thanks to all the .conf improvements we made recently to the fonts.
Current F12 also looks ok now to me from brief testing.
I added a comment to the bug and moved it to MODIFIED. :)
>> Things I know or are my opinions as a designer:
>> - Deja Vu Sans is a
>> very vide font, and in many cases causes "ugly" ui because of the
>> amount of space it consumes. Screen space is at a premium and this
>> font makes the issue worse by being one of the widest out there. This
>> is a big pain point in places like dialogs and skinny window titles. -
>> Deja Vu Sans is known to be tricky to render on screen - some letters
>> just have awkward spacing and widths no matter what you do (bowls on
>> d's seem compressed, etc). I blogged about this as it relates to
> Well, "ugly" is very subjective here (apart from cases where there are
> obvious rendering glitches, etc.). Just like Times is perfect font for
> newspapers, where there are usually many rather thin columns, while it's
> a complete waste to use it on literature where wide fonts look much
> better or nature sciences texts (where computer modern family of fonts
> is clearly one of the best) --- what looks very well on PDA/mobile
> phones displays (e.g. Droid) would probably not look as good on wide
> screens where you clearly have "space to waste" in horizontal direction
> but not in vertical.
I am not sure Deja Vu is ugly at all. If you reduce the fond size it looks even beautiful.
Maybe it is not well calibrated in relation to the remaining fonts we are accustomed to use.
P.S. It would be interesting to know what is the font used in printing most of the rare books - collection series, for example.
> - Deja Vu Sans is a very wide font, and in many cases causes "ugly" ui
because of the > amount of space it consumes. Screen space is at a
premium and this font makes the
> issue worse by being one of the widest
out there. This is a big pain point in places like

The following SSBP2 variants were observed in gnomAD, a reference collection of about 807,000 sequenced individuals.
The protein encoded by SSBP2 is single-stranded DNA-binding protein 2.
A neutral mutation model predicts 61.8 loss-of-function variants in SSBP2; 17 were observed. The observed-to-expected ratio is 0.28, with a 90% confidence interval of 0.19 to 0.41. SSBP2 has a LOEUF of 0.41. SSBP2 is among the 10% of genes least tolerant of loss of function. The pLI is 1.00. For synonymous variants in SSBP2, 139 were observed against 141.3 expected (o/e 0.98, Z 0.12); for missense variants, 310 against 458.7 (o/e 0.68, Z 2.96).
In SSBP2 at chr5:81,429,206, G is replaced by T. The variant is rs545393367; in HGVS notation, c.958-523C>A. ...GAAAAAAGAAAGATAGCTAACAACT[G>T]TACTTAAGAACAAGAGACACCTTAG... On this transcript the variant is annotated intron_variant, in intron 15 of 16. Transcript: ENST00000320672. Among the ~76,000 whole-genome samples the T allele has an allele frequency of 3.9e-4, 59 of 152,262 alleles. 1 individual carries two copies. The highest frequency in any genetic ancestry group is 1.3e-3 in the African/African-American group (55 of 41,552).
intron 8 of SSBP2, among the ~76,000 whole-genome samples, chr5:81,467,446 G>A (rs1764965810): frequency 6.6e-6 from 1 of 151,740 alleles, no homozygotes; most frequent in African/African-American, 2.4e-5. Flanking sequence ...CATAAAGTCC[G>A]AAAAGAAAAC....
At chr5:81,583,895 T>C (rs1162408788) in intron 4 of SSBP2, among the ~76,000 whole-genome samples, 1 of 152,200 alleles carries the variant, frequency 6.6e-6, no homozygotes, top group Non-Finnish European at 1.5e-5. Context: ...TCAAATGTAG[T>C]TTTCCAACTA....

> dialogues and skinny
You may solve the problem by installing the MS compatible TTFs, or any other TTFs found on the Net (for MS TTFs you may use for example the package):
Times New Roman (used to print Times more than a century ago) is very good in terms of letter width and readability.
So and so you are making a brainstorm - I have a proposal in connection with this.
Everybody willing to take part (no matter whether developer, or user or both) to write an essay (not more than one page) on the theme: The Linux Dostro of my Dreams.
I can right away write mine:
The DISTRO OF MY DREAMS
1. The OS distro should be fast and easy to install. When I installed for the first time Fedora (10) I was impressed by the speed it was making the installation and the settings.
2. The OS distro should be accessible
We all know that neither MS DOS nor Windows are original developments of MS, by if you ask at random any one worldwide who is the 'original' developer of the above said the answer is obvious. It doesn't matter how good or how best your OS is, all it matters is what people think about it. (In the interest of truth some people being visionaries see things in places others don't see too much).
3. The OS should be reliable with acceptable level of security.
4. The OS should be fast enough of not wasting my time when I work on it.
It should be able to work well both with the Internet browser and the Applications I am using in my dayly tasks.
5. It should be good looking - Design, general outlook, etc. I have installed Ubuntu dostro, but I am a 'water sign' and obviously I am not impressed by the things the 'fire sign' is fond of. And I don't care how good it may be 'at low level'.
6. It should be compatible with the Applications the people around me are using (at least at user file level - PDF, DOC, JPG, TMX etc.).
7. It should be compatible with the nearest older versions of my favourite programs (in terms of which I have acquired skills and I am not willing to learn new skills to do old things, unless I am forced by the circumstances to do so).
8. It should not change (at least at top level) too often.
9. It should have good maintenance.
When somebody makes improvements in any of the said directions - I call this upgrade.
When a new OS downgrades my skills in using the computer - I don't know how to call this. (The idea is that the development of new editors, and tools, image processing and integrated development environments of any kind bear risks of downgrading temporarily the skills of the users in their daily tasks (and of the developers BTW)).
The reason I choose Linux is because I was sick with the viruses and antivirus structures and when I switching on my computer of not knowing whether it will 'start the engine' or not.
It is obvious that an OS could not be optimised for any purpose and for any user and for any computer platform - so maybe it is high time it starts getting specialised ad hoc for each particular case.
Hoping of not wasting your time,
i did a desktop-file-validate on all .desktop files in the current
rawhide distro (note rpmfusion too).
here is the result of only the errors grepped from a complete check:
p.s. if someone needs help fixing an entry ask away.